In the philosophy of Yoga, and in practice this week through Thursday and Monday classes, we explore the interplay –Darshana or Drishti, between the “Seeing energy” – Drashta, and the “Seen” –Drishya.
Sometimes the more spiritual or metaphysical aspects of a yoga class may go literally “over one’s head”! All those references to “connecting with cosmic consciousness”, or “opening to Spirit”, or “playing with your Divine spark” can be perceived with our human minds as directly opposed to the “body” that we are knowing through yoga practice – the sensual, sense-filled container for our minds. Isn’t my body and breath what we have to work with? Some of us may wonder about ‘cosmic consciousness’ as we breathe deeply, lengthen, lift, relax, sit, lie, melt, hold, glide, twist, drop, adjust and pump…
Yet – experience and human development relies on both the body and the mind for so much: capacity, action, information, storage and interpretation. Yoga practice shows us where both our bodies, and our mind-soul, hold tension, negativity and darkness. Yoga practice shines the light of awareness, and creates a healing field within us; practicing the tools of Yoga can open the doorway to a host of benefits .
In the Past, when great Yogis taught about the dual nature of each human, they described it as a mirror of the dual nature of the Universe itself. They described the “Matter” (ie. the Body or Drishya) and the “Intelligence” (ie. the Mind or Drashta). Note: I won’t go into the diversity of facets of the Mind in this post, but for our purposes in this writing, please consider both of these natures of “The Mind”: the Ego Mind and the Universal Mind, or the Field of Connected Consciousness.
Drashta means the “Seer” or the “Observer”. When activated, this facet of each human mind allows the light of Universal Intelligence, or Divine Love, to be engaged, and quiets the predominant component of most Western (human?) minds: the Ego. The use of Drashta awakens the very self-same organizing and generating and destroying energy of which the entire Universe itself is consistent. Om. Ong.
When Drashta is activated to dance with Drishya (the body, matter), voila! We have Darshana! A practice of dancing the “Seer” with the “Seen”.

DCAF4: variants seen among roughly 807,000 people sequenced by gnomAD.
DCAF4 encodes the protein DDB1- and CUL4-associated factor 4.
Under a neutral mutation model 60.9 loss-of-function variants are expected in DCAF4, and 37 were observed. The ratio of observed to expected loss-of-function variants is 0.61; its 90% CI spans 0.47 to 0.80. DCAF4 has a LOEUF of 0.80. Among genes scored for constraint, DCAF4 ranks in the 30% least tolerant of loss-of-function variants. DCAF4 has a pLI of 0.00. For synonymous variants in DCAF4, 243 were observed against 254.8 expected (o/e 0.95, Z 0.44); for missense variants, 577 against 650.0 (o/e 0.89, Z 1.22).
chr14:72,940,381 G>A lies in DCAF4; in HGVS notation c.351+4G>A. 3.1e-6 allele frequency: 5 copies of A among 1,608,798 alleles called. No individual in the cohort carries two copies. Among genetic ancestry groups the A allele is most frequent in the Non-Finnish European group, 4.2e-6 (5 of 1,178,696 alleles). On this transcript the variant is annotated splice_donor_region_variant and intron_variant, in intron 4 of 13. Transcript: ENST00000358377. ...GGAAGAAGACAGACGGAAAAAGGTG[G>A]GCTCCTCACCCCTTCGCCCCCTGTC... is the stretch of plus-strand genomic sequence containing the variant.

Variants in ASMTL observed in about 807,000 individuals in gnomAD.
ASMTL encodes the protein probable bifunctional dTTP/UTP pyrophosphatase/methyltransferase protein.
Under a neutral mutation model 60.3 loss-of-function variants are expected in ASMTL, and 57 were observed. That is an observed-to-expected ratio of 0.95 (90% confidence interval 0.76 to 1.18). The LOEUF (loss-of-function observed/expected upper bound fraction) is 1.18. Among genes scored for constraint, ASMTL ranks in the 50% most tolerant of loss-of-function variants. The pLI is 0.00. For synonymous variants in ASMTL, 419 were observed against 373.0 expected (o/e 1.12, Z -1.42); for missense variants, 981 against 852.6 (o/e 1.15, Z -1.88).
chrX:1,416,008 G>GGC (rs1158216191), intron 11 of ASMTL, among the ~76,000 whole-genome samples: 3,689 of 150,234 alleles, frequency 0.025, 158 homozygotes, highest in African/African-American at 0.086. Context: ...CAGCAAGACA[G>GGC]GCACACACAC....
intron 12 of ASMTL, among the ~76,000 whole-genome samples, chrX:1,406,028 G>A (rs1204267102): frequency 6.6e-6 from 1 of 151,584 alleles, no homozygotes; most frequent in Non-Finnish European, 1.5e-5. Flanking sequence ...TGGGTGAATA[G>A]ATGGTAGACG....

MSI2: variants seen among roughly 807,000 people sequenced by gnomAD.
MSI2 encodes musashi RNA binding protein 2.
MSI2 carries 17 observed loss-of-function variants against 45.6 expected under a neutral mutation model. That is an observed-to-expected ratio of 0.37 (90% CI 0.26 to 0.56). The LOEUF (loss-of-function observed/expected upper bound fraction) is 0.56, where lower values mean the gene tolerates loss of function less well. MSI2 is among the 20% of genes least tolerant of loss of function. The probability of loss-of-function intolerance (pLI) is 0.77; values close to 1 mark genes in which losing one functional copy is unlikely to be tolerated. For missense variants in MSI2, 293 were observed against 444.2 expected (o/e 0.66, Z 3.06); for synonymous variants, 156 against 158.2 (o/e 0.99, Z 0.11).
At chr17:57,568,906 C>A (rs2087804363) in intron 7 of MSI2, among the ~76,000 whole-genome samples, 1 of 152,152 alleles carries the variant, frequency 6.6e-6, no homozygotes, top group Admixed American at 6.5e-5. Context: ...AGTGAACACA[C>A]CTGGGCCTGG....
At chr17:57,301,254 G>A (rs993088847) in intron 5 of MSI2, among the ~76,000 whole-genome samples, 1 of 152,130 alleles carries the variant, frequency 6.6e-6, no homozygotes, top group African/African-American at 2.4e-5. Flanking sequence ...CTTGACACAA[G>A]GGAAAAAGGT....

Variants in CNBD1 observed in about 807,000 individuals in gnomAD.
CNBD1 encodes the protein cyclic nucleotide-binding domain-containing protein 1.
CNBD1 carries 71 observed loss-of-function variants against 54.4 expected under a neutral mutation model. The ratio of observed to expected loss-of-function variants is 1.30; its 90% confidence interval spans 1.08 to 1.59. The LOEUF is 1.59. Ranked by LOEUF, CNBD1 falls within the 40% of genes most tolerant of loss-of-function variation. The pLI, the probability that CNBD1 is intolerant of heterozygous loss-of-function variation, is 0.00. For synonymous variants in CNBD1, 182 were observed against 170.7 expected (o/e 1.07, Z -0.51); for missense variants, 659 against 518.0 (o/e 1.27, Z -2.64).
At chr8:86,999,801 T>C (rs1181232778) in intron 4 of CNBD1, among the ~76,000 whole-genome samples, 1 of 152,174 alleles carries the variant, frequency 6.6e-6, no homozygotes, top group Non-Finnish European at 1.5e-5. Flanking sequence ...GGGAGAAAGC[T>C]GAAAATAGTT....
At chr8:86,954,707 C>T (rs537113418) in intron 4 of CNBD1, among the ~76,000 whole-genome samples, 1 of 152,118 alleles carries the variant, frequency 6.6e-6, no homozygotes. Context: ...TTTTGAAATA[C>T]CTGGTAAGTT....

It is this dance we are embracing this week. I also see it consistent with the concept and experience of the Dependent Co-arising of consciousness in Buddhist teachings. Joanna Macy’s writings helped my thinking brain to consider the idea that consciousness alone cannot know itself, and that matter alone is not conscious. Yet, when consciousness and matter interact, it is in that moment/place that what we call “life” or “reality” arises. Both are necessary for living, and also, all living beings are thus connected. In Joanna’s words, “We already and indissolubly belong to each other, for this is the nature of life.” Thank you, Joanna!
Can one see the light, if not for the dark?
Can one experience life, if not for death?
Can one experience sound, if not for silence?
Drashta (The Energy of Seeing) alone cannot know itself!
It needs a playground!
In our bodies, Drashta mingles and moves, rises and falls, bumps up against corners and edges – and thus, contributes to personal knowledge, and universal knowledge and experience.
Similarly, our Vedic ancestors told stories about how Drishya or the material world, without the spark of life from the supreme OM, lacks Truth (“Sat”), and feeds desire and the ego-mind: the separate, individualistic, memory-based aspect of the human brain that constantly fights for its identity in our consciousness.
If you want to dance Darshana, there are so many access points. And, I humbly report, I don’t/can’t know them all! I “think” that each and every one of you have learned some of your own. You gaze softly in wonder at a dewdrop, and experience a sense of bliss come over you, perhaps? Feeling the tingles and light inside when being kissed by someone? Floating somewhere, almost hovering around your body as it swiftly carries “you” over roots and soft mosses on a trail run, maybe? Stilling the mind and smiling with your whole being as you receive appreciation after a performance? And the list could be endless!!!
Well, now that I’ve enticed you to travel down memory lane and re-kindle your experiences and mentally categorize them as “Darshana” or “not Darshana”….let me offer one more tip:
Yoga is not in memory.
Yoga, union, is in this moment.
I can offer you some access points to Darshana that I’ve come to know through the practice of Kundalini Yoga.